Saturday 4 April 1668

Up betimes, and by coach towards White Hall, and took Aldgate Street in my way, and there called upon one Hayward, that makes virginalls, and did there like of a little espinette, and will have him finish it for me; for I had a mind to a small harpsichon, but this takes up less room, and will do my business as to finding out of chords, and I am very well pleased that I have found it. Thence to White Hall, and after long waiting did get a small running Committee of Tangier, where I staid but little, and little done but the correcting two or three egregious faults in the Charter for Tangier after it had so long lain before the Council and been passed there and drawn up by the Atturney Generall, so slightly are all things in this age done. Thence home to the office by water, where we sat till noon, and then I moved we might go to the Duke of York and the King presently to get out their order in writing that was ordered us yesterday about the business of certificates, that we might be secure against the tradesmen who (Sir John Banks by name) have told me this day that they will complain in Parliament against us for denying to do them right. So we rose of a sudden, being mighty sensible of this inconvenience we are liable to should we delay to give them longer, and yet have no order for our indemnity. I did dine with Sir W. Pen, where my Lady Batten did come with desire of meeting me there, and speaking with me about the business of the 500l. we demand of her for the Chest. She do protest, before God, she never did see the account, but that it was as her husband in his life-time made it, and he did often declare to her his expecting 500l., and that we could not deny it him for his pains in that business, and that he hath left her worth nothing of his own in the world, and that therefore she could pay nothing of it, come what will come, but that he hath left her a beggar, which I am sorry truly for, though it is a just judgment upon people that do live so much beyond themselves in housekeeping and vanity, as they did. I did give her little answer, but generally words that might not trouble her, and so to dinner, and after dinner Sir W. Pen and I away by water to White Hall, and there did attend the Duke of York, and he did carry us to the King’s lodgings: but he was asleep in his closet; so we stayed in the Green-Roome, where the Duke of York did tell us what rules he had, of knowing the weather, and did now tell us we should have rain before to- morrow, it having been a dry season for some time, and so it did rain all night almost; and pretty rules he hath, and told Brouncker and me some of them, which were such as no reason seems ready to be given. By and by the King comes out, and he did easily agree to what we moved, and would have the Commissioners of the Navy to meet us with him to-morrow morning: and then to talk of other things; about the Quakers not swearing, and how they do swear in the business of a late election of a Knight of the Shire of Hartfordshire in behalf of one they have a mind to have; and how my Lord of Pembroke says he hath heard him (the Quaker) at the tennis-court swear to himself when he loses: and told us what pretty notions my Lord Pembroke hath of the first chapter of Genesis, how Adam’s sin was not the sucking (which he did before) but the swallowing of the apple, by which the contrary elements begun to work in him, and to stir up these passions, and a great deal of such fooleries, which the King made mighty mockery at. Thence my Lord Brouncker and I into the Park in his coach, and there took a great deal of ayre, saving that it was mighty dusty, and so a little unpleasant. Thence to Common Garden with my Lord, and there I took a hackney and home, and after having done a few letters at the office, I home to a little supper and so to bed, my eyes being every day more and more weak and apt to be tired.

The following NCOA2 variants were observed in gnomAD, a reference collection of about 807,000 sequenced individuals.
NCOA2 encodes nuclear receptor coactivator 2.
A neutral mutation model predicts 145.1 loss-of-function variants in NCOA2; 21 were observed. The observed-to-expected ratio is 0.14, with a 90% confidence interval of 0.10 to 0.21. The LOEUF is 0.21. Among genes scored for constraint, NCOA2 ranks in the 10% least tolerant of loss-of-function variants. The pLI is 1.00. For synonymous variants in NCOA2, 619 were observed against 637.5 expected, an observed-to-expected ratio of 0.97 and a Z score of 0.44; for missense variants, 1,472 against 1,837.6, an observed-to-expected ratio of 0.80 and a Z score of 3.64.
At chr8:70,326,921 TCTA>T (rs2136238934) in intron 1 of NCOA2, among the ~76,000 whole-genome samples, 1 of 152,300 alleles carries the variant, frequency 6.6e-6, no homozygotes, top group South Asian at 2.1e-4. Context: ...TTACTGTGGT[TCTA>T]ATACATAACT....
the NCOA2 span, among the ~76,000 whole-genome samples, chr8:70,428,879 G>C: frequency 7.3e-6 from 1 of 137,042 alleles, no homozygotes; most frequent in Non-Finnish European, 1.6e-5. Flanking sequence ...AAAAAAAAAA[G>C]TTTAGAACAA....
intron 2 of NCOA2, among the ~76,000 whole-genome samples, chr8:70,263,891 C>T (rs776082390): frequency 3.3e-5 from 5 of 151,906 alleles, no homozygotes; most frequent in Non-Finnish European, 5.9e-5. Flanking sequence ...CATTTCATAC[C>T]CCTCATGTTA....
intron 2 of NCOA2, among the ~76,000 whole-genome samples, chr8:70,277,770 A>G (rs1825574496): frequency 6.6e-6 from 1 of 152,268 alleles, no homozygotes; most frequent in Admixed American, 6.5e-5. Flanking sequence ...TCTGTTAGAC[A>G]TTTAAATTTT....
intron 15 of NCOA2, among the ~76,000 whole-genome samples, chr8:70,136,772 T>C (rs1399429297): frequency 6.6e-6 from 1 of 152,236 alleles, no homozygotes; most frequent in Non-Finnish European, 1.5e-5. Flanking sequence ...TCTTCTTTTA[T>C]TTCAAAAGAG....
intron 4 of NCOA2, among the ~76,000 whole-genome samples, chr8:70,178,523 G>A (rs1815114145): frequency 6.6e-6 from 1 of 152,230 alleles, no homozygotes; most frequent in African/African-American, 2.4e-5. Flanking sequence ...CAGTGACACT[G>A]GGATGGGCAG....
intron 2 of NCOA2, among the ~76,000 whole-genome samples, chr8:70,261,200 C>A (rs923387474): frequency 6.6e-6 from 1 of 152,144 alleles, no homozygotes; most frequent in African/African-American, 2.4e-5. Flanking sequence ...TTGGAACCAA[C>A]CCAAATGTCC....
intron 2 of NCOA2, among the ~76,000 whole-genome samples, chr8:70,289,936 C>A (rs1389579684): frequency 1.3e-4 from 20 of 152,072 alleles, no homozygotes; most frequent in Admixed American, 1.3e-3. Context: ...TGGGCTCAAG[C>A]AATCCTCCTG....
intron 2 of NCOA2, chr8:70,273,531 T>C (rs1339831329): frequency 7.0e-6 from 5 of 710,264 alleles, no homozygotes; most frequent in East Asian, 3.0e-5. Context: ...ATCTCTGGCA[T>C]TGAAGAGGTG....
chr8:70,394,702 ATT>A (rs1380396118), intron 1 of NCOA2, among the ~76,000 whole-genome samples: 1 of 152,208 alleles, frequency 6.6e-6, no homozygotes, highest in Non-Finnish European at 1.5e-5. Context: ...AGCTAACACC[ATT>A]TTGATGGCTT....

15 Annotations

Terry Foreman   Link to this

Carteret to Ormond
Written from: Whitehall
Date: 4 April 1668

Communicates proceedings of the House of Commons of England upon matters of Trade.

Repeats the expressions as in former letters, of the writer's anxiety to wait upon the Lord Lieutenant in Ireland.

http://www.rsl.ox.ac.uk/dept/scwmss/projects/ca...

Christopher Squire   Link to this

‘espiˈnette, n. Etymology:  < Old French espinete (modern French épinette).
  = spinet n.1
1668    S. Pepys Diary 15 July (1976) IX. 262   At noon‥is brought home the Espinette I bought the other day of Haward.’

‘spinet, n.1. A keyed musical instrument, common in England in the 18th century, closely resembling the harpsichord, but smaller and having only one string to each note. A full description of the various kinds of spinet is given in Grove's Dict. Music s.v.
1664    S. Pepys Diary 1 July (1971) V. 194   One Cheswicke, a maister who plays very well upon the Spinette.’ [OED]

Robert Gertz   Link to this

One is forced to wonder as to Lady Batten's beauty that Sam fails to show any interest in taking advantage of her situation. The widow condition has certainly never stoppped him before. Though perhaps here again is Sam's involuntary social instinct kicking in...Lady Batten is off-limits in a way Mrs. Burroughs could never be.

Jesse   Link to this

[The] sin was not the smoking (which he did before) but the inhaling ..., by which the contrary elements begun to work in him, and to stir up these passions.